It began with what was a modest goal of $950,000 to fund the creation of a home games console, but within minutes internet virality ensued, propelling OUYA's Kickstarter into the stratosphere and concluding the fundraiser with a massive $8,596,475 pledged. OUYA has smashed previous Kickstarter records, becoming the fastest project to raise a million dollars; achieving the feat in only 8 hours and 22 minutes. 63,416 people backed the project, with 20,000 OUYA consoles purchased in the first 24 hours.

The last month has been an exciting time for the games industry but much media speculation has been raised over OUYA's ability to deliver the ambitious goals it set itself. The fundamental problem OUYA's team must overcome is acquiring high quality games and developers willing to make them. If compelling software isn't available, the elegance and simplicity of the console will be superfluous. They're going to need more than Final Fantasy III, Minecraft (potentially), OnLive and Robert Bowling's HumanElement prequel. To a large extent, OUYA's fate may be in the hands of the hackers and indie developers will

ing to create innovative content, solely for the platform.

Even with its amazing Kickstarter victory, it is still hard to believe this console can be successful, long-term. Does the television/living room experience really matter to people that want to play low-end console games, that much? Admittedly the console is being sold at a very competitive price and it is encouraging to see a company promising open-source, DRM-free gaming receiving such a positive response, but will it be able to attract the large developers, capable of supplying the triple-A titles that the OUYA team are confident will be part of the system's software library?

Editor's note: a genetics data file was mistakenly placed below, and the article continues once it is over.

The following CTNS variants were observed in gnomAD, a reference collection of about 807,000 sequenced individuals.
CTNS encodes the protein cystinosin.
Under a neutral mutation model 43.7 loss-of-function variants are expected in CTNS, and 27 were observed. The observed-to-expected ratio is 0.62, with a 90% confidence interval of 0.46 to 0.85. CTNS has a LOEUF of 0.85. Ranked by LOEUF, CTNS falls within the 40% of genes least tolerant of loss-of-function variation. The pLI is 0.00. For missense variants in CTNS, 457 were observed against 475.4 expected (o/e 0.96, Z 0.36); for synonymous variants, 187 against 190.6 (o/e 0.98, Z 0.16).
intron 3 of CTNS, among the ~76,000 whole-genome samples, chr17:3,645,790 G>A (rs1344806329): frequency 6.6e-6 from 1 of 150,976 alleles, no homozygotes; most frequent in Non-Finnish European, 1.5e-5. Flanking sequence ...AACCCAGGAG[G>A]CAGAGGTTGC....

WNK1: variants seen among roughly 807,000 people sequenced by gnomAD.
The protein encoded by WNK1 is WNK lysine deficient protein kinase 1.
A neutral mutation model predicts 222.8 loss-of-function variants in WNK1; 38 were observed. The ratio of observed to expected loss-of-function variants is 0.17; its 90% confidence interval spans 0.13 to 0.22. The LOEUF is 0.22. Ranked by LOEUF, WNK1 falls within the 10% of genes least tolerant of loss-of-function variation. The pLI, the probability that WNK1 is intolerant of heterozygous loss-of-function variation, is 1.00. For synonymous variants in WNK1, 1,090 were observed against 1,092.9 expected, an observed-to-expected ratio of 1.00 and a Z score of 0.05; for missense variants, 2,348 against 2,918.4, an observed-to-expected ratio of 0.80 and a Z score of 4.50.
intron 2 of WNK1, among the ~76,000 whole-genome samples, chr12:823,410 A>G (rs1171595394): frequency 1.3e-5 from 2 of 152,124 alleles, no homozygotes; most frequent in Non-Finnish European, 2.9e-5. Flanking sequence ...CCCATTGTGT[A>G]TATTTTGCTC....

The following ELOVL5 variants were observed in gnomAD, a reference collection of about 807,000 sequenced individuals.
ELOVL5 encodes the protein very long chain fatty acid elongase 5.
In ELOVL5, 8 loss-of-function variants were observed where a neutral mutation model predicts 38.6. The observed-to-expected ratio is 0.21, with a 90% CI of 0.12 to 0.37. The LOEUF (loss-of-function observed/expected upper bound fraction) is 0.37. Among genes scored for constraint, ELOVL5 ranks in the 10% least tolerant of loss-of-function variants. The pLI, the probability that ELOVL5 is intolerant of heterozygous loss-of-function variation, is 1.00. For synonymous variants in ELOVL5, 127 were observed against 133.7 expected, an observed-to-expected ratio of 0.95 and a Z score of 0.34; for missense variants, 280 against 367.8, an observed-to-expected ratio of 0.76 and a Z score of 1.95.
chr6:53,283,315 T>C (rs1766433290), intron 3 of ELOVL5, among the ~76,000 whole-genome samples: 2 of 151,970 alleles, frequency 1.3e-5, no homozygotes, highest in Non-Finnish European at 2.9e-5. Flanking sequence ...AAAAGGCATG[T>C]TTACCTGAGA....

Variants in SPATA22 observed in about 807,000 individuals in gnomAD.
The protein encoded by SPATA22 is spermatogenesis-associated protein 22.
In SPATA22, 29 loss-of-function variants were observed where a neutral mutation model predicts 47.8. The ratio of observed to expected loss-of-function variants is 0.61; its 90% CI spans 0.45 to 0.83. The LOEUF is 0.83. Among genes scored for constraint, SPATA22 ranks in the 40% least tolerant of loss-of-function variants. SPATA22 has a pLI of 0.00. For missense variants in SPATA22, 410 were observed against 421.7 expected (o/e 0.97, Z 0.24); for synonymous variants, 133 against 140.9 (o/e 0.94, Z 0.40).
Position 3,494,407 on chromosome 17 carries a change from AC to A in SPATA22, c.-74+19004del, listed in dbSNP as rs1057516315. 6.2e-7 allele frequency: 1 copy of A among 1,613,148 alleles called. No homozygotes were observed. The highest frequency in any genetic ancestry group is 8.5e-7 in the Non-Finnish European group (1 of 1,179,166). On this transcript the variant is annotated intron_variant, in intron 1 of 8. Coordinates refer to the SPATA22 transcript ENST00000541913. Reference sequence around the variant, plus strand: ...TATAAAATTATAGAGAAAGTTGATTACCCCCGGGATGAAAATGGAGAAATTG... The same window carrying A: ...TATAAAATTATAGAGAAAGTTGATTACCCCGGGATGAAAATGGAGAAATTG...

Whatever the outcome, it is an amazing experiment in crowd-funding. The internet and global communication have pushed technological progress into overdrive, making the problem of staying relevant even more difficult. With digital distribution, free-to-play gaming and online streaming on the rise; in addition to the inevitable arrival of the big 3's next-generation consoles, the OUYA team have their work cut out if their console is to have a successful and lengthy life-span.

What do you think? Can OUYA really become a long-term success, capable of offering unique experiences via the television? Comment with your thoughts below!

OUYA is a new video game console designed for the television, which is scheduled to be released in March of next year. For more information visit www.ouya.tv.

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GuestPost represents the work of past New Gamer Nation writers. Though they may not be with us anymore physically, we know they are with us in spirit.